Lauren bound off the bus today in front of her bus stop friend, Dean, who is in kindergarten and bore a single marigold in a plastic cup for his mom.
"Oh, the plant sale's this week," I exclaimed. "Must remember to send money tomorrow..."
Lauren admired Dean's orange flower. "Mom," she said very seriously.
"I will need you to open Piggy tonight."
"Because I want to use my own money to buy you a present for Mother's Day..."
My cheeks suddenly felt hot. I pressed the back of my right hand against my forehead, blinked away the tears that had come to my eyes, and nodded, "Ok, I will help you with that when we get home."
While I was straightening up the kitchen, she appeared behind me holding Piggy. "I want to do it now so that I don't forget," she said simply. "It's important."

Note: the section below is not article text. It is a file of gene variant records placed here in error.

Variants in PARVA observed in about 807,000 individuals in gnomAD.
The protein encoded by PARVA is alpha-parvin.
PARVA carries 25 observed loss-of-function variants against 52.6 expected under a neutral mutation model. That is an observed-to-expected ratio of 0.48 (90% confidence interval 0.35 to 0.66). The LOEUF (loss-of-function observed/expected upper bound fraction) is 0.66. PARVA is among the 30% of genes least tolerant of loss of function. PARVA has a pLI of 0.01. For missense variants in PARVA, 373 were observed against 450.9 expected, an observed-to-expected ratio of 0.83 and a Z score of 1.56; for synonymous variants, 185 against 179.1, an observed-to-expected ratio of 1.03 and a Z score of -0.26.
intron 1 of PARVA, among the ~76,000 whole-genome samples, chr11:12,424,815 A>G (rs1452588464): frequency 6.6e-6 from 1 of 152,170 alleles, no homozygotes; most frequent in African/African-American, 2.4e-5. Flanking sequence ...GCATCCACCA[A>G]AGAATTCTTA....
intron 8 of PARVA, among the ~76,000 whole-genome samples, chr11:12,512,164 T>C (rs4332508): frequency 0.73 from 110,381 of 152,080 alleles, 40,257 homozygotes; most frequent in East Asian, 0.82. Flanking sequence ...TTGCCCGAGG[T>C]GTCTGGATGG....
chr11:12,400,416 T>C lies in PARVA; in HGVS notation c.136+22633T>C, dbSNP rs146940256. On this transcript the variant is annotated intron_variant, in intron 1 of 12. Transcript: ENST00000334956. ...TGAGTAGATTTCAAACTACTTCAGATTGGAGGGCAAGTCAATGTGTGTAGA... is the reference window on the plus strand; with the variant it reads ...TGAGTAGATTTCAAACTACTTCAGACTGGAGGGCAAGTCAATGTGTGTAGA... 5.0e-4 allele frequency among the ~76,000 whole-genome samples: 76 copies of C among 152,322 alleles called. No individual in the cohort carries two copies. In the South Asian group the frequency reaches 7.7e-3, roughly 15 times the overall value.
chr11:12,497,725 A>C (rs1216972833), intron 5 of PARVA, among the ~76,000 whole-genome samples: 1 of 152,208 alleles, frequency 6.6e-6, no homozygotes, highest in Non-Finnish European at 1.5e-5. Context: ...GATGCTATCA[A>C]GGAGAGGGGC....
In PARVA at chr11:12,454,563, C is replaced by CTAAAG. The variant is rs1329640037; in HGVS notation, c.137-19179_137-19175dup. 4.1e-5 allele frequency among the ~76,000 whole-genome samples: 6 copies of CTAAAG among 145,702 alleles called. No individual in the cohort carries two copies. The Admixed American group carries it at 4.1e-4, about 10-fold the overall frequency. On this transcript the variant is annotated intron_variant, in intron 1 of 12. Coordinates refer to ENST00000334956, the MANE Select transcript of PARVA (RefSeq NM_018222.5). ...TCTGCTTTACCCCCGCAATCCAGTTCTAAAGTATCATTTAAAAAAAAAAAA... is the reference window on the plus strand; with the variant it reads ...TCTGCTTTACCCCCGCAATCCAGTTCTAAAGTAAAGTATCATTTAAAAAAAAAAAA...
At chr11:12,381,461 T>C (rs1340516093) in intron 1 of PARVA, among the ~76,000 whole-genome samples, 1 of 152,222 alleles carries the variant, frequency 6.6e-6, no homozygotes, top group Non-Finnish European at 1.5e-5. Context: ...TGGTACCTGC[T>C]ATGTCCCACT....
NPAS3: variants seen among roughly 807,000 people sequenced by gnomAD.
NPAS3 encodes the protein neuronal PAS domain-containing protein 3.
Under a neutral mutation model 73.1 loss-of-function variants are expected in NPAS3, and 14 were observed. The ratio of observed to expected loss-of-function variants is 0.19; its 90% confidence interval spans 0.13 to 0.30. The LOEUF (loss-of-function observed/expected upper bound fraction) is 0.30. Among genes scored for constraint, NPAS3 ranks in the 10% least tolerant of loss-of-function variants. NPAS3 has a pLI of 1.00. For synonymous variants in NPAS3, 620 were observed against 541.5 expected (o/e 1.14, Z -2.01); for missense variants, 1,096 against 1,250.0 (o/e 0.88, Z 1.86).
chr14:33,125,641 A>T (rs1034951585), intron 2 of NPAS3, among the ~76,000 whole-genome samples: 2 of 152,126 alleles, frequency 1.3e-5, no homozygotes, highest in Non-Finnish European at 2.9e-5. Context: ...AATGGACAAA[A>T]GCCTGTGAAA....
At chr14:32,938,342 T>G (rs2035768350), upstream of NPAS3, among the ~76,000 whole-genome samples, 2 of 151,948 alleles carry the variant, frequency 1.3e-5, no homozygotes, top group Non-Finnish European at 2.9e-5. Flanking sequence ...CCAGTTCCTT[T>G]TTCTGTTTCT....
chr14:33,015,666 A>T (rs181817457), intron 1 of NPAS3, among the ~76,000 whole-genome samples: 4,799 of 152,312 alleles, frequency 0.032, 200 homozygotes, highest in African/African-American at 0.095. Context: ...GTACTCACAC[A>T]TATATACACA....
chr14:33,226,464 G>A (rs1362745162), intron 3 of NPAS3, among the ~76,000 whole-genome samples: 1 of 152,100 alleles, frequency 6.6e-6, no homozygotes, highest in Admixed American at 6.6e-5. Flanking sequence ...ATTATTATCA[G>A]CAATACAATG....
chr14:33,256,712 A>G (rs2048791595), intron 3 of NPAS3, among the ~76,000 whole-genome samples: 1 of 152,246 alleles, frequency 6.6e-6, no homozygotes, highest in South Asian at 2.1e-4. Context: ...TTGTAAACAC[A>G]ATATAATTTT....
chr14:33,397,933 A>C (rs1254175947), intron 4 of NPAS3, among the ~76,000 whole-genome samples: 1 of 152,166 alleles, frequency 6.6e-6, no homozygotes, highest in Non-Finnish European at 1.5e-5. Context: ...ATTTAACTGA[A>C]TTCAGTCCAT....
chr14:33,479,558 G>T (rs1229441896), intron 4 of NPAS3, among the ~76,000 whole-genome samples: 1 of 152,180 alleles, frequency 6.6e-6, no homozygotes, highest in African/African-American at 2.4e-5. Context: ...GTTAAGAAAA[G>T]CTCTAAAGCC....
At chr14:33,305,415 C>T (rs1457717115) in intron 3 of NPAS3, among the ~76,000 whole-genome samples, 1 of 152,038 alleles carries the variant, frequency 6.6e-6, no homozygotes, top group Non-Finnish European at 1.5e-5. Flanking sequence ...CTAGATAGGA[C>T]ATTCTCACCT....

She rushed out to watch some television as I struggled to open the plastic piggy bank, quite heavy with Alec's pocket change she'd been collecting for the past year. All of the crisp bills had been removed with trips to the toy store and pharmacy to pick up a bottle of bubbles or a rubber ball. I dumped an obligatory amount of change on to the table and then slipped a five dollar bill out of my own wallet in the pile. When she wandered back in, I said, "Here you are. I will put it into a bag for you."
She grinned. "Great. I'm glad that's taken care of. I feel better now."
"Cool," I managed.